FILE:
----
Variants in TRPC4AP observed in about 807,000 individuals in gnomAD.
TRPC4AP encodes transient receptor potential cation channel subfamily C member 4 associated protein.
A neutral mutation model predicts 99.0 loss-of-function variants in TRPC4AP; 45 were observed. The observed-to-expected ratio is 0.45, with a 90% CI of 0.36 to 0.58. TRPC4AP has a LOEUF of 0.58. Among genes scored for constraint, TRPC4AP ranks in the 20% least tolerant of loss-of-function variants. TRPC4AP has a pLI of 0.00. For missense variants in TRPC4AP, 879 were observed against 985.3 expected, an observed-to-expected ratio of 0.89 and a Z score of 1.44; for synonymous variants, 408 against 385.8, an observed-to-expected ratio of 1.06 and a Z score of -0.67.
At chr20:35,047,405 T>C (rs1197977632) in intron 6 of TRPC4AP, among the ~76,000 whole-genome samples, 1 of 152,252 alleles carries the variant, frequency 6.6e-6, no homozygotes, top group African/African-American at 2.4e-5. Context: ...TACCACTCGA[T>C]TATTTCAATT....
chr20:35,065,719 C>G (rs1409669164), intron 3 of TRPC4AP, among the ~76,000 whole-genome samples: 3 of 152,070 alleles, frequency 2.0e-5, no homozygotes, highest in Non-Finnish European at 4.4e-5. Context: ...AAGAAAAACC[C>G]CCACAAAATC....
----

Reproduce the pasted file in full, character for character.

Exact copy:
Variants in TRPC4AP observed in about 807,000 individuals in gnomAD.
TRPC4AP encodes transient receptor potential cation channel subfamily C member 4 associated protein.
A neutral mutation model predicts 99.0 loss-of-function variants in TRPC4AP; 45 were observed. The observed-to-expected ratio is 0.45, with a 90% CI of 0.36 to 0.58. TRPC4AP has a LOEUF of 0.58. Among genes scored for constraint, TRPC4AP ranks in the 20% least tolerant of loss-of-function variants. TRPC4AP has a pLI of 0.00. For missense variants in TRPC4AP, 879 were observed against 985.3 expected, an observed-to-expected ratio of 0.89 and a Z score of 1.44; for synonymous variants, 408 against 385.8, an observed-to-expected ratio of 1.06 and a Z score of -0.67.
At chr20:35,047,405 T>C (rs1197977632) in intron 6 of TRPC4AP, among the ~76,000 whole-genome samples, 1 of 152,252 alleles carries the variant, frequency 6.6e-6, no homozygotes, top group African/African-American at 2.4e-5. Context: ...TACCACTCGA[T>C]TATTTCAATT....
chr20:35,065,719 C>G (rs1409669164), intron 3 of TRPC4AP, among the ~76,000 whole-genome samples: 3 of 152,070 alleles, frequency 2.0e-5, no homozygotes, highest in Non-Finnish European at 4.4e-5. Context: ...AAGAAAAACC[C>G]CCACAAAATC....